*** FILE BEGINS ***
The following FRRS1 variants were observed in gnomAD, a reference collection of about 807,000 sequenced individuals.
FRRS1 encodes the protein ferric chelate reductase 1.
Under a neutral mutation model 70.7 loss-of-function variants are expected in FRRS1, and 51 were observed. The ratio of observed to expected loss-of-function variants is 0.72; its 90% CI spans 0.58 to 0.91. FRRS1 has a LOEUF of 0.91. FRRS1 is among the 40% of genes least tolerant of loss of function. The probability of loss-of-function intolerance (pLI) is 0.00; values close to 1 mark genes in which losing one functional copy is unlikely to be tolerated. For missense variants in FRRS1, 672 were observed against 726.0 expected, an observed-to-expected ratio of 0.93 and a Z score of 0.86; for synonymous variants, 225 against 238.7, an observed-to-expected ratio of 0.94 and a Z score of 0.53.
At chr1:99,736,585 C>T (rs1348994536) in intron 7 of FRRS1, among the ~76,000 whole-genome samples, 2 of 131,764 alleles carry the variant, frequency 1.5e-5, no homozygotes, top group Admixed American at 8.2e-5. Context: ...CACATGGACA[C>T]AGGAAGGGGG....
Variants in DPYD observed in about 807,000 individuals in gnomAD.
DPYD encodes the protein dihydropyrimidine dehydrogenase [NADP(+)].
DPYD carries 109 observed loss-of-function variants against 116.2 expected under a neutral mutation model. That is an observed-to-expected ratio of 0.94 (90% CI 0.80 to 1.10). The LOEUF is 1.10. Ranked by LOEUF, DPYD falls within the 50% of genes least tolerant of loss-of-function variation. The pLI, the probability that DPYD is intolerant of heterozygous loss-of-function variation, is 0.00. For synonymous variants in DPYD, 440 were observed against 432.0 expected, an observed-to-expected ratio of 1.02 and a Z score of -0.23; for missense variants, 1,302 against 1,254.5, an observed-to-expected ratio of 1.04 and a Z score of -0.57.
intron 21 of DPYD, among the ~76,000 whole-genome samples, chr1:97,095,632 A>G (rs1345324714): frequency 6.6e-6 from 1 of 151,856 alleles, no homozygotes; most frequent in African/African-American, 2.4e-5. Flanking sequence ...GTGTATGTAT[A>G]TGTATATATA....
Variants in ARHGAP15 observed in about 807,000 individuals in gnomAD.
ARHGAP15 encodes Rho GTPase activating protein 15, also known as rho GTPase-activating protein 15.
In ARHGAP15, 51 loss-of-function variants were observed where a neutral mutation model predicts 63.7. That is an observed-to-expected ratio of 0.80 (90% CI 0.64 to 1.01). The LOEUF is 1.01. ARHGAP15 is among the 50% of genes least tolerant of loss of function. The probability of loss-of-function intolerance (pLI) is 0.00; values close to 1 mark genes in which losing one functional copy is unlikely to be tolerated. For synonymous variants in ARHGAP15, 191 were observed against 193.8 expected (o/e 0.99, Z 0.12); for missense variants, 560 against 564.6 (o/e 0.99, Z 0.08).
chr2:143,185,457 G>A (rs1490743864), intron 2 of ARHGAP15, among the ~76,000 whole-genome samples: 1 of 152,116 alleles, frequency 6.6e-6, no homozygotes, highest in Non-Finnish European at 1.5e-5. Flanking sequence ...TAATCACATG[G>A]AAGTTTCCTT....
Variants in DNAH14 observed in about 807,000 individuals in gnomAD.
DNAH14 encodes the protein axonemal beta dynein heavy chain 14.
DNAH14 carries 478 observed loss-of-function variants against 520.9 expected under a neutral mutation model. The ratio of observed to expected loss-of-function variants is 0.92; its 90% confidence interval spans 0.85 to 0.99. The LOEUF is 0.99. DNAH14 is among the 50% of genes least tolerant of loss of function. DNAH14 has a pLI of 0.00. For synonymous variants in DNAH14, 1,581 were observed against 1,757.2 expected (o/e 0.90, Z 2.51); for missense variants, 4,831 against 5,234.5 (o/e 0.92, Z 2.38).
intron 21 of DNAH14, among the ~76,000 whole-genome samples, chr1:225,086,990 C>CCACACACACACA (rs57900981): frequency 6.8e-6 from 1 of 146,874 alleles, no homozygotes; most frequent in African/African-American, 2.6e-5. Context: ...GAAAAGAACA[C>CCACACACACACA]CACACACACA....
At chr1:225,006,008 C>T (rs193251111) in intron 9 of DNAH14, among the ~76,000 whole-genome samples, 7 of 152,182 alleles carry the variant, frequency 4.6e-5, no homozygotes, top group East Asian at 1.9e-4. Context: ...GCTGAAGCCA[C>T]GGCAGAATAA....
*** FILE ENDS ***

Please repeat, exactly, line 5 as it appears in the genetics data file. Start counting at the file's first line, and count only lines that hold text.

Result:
Variants in DPYD observed in about 807,000 individuals in gnomAD.